YEKATERINBURG/MOSCOW (Reuters) - Lawmakers in Russia's fourth largest city Yekaterinburg voted to scrap direct mayoral elections on Tuesday, curtailing the political prospects of the incumbent who has been fiercely critical of the Kremlin and local ...
Lawmakers in Russia's Sverdlovsk region have abolished the direct election of the mayor in the regional capital, Yekaterinburg, a move that has met resistance from the current mayor and protests by residents of Russia's fourth-largest city.
In a 42-4 vote on April 3, the regional legislature passed a bill under which Yekaterinburg's mayor will be chosen by the city council from a list of candidates prepared by a commission.
It was adopted a day after thousands of demonstrators rallied in Yekaterinburg in protest against the legislation, holding signs with slogans such as: "We need a mayor, not a puppet."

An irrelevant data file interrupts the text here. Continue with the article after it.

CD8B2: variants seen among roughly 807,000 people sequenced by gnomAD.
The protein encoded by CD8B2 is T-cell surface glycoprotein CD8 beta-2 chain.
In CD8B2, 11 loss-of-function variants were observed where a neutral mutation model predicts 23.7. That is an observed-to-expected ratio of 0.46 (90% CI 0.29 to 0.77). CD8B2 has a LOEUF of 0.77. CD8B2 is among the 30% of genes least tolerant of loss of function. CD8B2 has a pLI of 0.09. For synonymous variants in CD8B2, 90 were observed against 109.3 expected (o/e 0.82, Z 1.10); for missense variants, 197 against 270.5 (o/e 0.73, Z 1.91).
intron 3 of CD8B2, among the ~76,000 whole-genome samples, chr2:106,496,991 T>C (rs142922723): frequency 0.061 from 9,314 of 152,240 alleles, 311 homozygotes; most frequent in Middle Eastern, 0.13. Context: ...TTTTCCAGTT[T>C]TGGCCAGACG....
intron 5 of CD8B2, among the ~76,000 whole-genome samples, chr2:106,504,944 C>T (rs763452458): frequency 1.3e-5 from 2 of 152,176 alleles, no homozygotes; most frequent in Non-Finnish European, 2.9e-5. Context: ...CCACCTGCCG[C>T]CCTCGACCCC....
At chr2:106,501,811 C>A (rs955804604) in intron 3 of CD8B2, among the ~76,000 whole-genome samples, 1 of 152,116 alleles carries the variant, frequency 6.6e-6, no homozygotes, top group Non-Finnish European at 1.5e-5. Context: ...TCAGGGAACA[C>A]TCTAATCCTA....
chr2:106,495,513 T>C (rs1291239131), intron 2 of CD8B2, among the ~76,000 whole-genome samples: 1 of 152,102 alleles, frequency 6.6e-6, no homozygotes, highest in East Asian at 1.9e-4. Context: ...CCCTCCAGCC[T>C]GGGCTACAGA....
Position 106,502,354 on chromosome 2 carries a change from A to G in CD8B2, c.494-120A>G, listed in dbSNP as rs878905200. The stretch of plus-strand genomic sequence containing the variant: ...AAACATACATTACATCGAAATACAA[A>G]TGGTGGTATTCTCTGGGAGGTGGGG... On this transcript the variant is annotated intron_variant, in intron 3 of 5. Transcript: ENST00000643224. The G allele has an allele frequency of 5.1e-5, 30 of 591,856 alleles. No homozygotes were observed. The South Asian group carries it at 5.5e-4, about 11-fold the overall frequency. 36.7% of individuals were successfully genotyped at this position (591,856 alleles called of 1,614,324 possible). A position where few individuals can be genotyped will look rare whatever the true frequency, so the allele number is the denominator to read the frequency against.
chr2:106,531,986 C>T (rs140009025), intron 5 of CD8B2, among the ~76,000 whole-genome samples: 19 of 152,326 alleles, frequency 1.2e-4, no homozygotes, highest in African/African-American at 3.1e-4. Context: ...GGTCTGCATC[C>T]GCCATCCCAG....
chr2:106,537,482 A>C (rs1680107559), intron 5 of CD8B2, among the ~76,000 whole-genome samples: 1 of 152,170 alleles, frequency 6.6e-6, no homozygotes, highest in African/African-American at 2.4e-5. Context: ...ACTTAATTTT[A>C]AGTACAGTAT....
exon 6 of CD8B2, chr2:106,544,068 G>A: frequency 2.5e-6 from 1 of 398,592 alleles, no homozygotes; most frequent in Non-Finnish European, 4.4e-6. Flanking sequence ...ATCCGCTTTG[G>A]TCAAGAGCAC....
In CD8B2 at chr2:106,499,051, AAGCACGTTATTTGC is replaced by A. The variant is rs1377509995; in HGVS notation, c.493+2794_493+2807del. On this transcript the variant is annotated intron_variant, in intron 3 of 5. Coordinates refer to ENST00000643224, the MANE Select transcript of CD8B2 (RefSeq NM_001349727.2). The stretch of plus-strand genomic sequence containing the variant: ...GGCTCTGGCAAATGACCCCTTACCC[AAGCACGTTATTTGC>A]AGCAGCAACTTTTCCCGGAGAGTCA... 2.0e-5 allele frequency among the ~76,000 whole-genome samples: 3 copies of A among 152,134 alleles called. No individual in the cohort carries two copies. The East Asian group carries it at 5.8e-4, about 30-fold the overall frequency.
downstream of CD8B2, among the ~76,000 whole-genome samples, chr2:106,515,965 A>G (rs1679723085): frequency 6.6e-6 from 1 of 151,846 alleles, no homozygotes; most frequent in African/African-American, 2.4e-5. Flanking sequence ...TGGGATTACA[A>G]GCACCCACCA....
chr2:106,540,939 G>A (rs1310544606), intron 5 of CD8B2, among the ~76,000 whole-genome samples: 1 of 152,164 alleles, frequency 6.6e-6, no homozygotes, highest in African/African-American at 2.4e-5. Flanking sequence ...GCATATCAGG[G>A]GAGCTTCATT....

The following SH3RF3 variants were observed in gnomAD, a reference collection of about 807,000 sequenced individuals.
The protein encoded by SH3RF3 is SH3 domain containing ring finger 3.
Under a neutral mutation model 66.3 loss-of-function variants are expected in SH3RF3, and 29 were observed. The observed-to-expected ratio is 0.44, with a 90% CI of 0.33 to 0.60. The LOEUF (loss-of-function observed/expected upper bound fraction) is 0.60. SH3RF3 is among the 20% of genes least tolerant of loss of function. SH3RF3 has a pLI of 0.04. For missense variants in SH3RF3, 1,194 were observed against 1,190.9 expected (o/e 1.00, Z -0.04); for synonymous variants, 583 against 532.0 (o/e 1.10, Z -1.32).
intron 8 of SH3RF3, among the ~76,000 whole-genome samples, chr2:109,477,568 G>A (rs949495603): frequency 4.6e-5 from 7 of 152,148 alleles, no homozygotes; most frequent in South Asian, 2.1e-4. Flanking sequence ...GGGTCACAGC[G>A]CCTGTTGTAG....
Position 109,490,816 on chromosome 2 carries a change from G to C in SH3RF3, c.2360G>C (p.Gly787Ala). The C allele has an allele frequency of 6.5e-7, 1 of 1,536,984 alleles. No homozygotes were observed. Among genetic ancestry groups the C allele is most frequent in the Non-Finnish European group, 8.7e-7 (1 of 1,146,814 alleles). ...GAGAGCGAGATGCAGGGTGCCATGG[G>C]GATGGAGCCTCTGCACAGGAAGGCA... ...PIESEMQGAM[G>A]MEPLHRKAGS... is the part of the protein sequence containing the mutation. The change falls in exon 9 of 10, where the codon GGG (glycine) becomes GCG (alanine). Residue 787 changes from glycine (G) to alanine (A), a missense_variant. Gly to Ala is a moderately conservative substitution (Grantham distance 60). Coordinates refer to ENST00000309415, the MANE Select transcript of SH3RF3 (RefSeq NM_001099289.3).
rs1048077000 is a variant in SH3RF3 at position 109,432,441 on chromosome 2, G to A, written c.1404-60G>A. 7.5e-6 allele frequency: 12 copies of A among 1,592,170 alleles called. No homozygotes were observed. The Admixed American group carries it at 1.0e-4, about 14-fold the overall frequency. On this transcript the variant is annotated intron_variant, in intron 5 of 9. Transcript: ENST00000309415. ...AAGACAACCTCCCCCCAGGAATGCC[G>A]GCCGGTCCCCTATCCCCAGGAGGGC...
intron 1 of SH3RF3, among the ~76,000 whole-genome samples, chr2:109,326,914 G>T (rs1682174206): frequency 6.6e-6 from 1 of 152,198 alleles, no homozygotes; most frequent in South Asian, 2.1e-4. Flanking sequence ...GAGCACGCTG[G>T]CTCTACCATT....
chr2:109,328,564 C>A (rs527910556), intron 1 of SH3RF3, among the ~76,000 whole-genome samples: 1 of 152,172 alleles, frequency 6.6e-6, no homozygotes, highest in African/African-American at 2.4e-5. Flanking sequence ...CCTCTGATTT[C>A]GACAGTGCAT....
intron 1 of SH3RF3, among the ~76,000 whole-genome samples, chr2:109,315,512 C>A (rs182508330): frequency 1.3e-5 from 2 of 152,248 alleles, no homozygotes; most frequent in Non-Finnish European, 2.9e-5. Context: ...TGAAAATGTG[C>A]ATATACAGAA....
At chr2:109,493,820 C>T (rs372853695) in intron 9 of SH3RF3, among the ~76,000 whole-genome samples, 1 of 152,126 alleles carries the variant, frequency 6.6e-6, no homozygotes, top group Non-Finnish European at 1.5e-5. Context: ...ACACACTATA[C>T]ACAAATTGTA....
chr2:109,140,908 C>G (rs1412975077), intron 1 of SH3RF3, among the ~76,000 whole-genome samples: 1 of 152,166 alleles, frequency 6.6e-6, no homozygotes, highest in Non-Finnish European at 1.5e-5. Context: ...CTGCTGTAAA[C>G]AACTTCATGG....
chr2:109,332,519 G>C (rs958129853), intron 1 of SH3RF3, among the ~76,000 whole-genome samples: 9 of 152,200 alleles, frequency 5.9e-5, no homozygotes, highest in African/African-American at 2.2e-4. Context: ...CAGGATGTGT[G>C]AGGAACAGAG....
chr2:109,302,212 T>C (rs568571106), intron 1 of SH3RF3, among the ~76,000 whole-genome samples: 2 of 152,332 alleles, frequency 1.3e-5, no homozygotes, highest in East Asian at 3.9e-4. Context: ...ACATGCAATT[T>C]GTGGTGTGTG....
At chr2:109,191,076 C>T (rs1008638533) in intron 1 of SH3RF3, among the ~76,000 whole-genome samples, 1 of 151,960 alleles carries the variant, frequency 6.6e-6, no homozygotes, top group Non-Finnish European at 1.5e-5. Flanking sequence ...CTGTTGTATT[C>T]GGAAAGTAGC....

Incumbent mayor Yevgeny Roizman blasted the legislation, which was submitted by regional governor Yevgeny Kuvaishev, saying it will be used by the authorities loyal to the Kremlin to "appoint" a pliant mayor.
"[A mayor] who is elected is accountable to those who elected him, while one who was appointed is accountable to the one who appointed him," Roizman, who was elected to a five-year term in 2013, said at the legislative session.
Outgoing Yekaterinburg Mayor Yevgeny Roizman (file photo)
Critics say that President Vladimir Putin has rolled back democracy and tightened Kremlin control over electoral politics during around 18 years as president or prime minister.
Roizman attended the protest on April 2 and said the abolition of direct elections would deal a blow to democracy and hurt the city's interests.
He said in late March that scrapping direct mayoral elections would be "humiliating for Yekaterinburg."
Roizman is one of a very few regional or local officials who have openly criticized Putin and praised opposition leader Aleksei Navalny.
His position is already already largely ceremonial, as most executive powers in Yekaterinburg belong to the head of the city administration, Aleksandr Yakob.
With reporting by RFE/RL's Russian Service, Meduza, Dozhd, Interfax, and TASS